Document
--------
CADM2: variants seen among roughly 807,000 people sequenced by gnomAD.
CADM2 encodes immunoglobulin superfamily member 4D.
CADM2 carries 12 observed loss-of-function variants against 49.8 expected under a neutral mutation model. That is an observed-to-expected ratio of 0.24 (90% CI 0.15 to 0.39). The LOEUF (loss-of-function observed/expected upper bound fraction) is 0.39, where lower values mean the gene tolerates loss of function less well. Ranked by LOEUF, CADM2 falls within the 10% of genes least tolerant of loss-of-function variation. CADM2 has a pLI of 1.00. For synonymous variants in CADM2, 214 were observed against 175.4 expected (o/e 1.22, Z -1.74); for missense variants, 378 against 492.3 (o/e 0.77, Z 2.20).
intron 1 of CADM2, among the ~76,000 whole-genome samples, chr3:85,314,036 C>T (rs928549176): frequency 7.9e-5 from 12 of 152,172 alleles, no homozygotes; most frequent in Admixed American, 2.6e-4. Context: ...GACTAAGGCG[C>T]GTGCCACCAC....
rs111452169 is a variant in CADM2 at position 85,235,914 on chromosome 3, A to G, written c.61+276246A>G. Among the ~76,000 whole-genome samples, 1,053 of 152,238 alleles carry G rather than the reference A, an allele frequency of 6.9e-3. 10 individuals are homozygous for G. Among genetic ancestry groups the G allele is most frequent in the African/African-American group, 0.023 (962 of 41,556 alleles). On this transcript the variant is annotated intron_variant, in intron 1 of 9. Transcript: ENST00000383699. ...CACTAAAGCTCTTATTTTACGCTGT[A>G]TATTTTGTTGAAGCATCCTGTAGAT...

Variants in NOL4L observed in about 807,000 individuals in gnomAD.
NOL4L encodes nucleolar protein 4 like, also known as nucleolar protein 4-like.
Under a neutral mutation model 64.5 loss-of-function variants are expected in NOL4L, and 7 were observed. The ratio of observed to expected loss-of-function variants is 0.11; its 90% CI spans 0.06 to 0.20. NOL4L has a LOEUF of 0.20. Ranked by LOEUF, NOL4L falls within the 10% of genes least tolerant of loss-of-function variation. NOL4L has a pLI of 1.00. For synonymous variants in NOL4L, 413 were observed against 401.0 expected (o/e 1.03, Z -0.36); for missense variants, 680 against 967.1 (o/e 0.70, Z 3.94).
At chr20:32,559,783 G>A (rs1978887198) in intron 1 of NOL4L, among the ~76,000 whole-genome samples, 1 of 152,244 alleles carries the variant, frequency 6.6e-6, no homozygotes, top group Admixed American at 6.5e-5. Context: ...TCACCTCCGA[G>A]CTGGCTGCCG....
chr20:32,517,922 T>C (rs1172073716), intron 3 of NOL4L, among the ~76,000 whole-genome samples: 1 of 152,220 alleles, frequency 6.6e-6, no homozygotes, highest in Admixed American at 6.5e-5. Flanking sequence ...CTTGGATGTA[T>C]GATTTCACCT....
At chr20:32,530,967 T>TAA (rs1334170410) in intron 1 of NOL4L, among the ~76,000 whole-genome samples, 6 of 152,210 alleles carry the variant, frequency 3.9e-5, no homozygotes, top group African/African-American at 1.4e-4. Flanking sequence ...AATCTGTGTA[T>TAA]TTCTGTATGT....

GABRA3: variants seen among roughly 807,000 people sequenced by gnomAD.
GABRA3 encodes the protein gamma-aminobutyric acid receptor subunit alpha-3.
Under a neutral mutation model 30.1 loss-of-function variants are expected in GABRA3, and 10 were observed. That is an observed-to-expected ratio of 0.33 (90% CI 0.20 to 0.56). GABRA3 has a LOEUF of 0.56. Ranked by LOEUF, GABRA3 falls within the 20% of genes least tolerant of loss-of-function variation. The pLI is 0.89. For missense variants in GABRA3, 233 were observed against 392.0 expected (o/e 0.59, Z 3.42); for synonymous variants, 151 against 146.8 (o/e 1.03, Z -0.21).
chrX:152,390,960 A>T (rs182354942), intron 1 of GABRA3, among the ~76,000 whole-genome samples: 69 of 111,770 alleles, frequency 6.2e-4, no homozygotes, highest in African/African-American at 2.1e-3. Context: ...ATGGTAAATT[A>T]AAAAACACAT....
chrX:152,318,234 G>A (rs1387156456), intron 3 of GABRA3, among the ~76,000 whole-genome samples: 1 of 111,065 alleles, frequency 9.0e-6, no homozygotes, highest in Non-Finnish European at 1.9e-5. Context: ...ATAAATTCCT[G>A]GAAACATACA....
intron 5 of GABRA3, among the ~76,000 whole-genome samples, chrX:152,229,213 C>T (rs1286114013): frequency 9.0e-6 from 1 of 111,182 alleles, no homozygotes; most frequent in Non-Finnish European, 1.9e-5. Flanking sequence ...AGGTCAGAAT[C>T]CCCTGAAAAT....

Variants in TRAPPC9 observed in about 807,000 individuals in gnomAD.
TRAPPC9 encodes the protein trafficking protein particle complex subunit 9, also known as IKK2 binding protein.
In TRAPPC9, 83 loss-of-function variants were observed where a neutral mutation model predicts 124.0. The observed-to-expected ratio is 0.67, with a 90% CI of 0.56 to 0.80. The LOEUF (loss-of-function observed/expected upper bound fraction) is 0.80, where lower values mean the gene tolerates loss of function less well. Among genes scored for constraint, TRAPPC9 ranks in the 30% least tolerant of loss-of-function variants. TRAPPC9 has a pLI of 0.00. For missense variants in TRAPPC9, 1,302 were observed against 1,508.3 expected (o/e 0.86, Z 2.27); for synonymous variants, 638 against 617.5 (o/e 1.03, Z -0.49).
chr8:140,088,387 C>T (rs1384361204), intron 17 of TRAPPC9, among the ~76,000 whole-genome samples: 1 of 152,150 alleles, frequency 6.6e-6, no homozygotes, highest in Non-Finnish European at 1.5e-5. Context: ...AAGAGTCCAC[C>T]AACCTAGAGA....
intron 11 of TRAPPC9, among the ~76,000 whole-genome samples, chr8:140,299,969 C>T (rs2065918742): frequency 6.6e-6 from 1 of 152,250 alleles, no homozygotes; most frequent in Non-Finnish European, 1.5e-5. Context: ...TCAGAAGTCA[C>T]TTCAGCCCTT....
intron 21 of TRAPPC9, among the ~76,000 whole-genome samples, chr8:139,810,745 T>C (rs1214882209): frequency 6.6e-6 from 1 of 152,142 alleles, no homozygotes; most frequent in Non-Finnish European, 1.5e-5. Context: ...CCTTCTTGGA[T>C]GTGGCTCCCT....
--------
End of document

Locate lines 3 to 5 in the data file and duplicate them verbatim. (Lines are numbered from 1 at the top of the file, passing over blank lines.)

CADM2 carries 12 observed loss-of-function variants against 49.8 expected under a neutral mutation model. That is an observed-to-expected ratio of 0.24 (90% CI 0.15 to 0.39). The LOEUF (loss-of-function observed/expected upper bound fraction) is 0.39, where lower values mean the gene tolerates loss of function less well. Ranked by LOEUF, CADM2 falls within the 10% of genes least tolerant of loss-of-function variation. CADM2 has a pLI of 1.00. For synonymous variants in CADM2, 214 were observed against 175.4 expected (o/e 1.22, Z -1.74); for missense variants, 378 against 492.3 (o/e 0.77, Z 2.20).
intron 1 of CADM2, among the ~76,000 whole-genome samples, chr3:85,314,036 C>T (rs928549176): frequency 7.9e-5 from 12 of 152,172 alleles, no homozygotes; most frequent in Admixed American, 2.6e-4. Context: ...GACTAAGGCG[C>T]GTGCCACCAC....
rs111452169 is a variant in CADM2 at position 85,235,914 on chromosome 3, A to G, written c.61+276246A>G. Among the ~76,000 whole-genome samples, 1,053 of 152,238 alleles carry G rather than the reference A, an allele frequency of 6.9e-3. 10 individuals are homozygous for G. Among genetic ancestry groups the G allele is most frequent in the African/African-American group, 0.023 (962 of 41,556 alleles). On this transcript the variant is annotated intron_variant, in intron 1 of 9. Transcript: ENST00000383699. ...CACTAAAGCTCTTATTTTACGCTGT[A>G]TATTTTGTTGAAGCATCCTGTAGAT...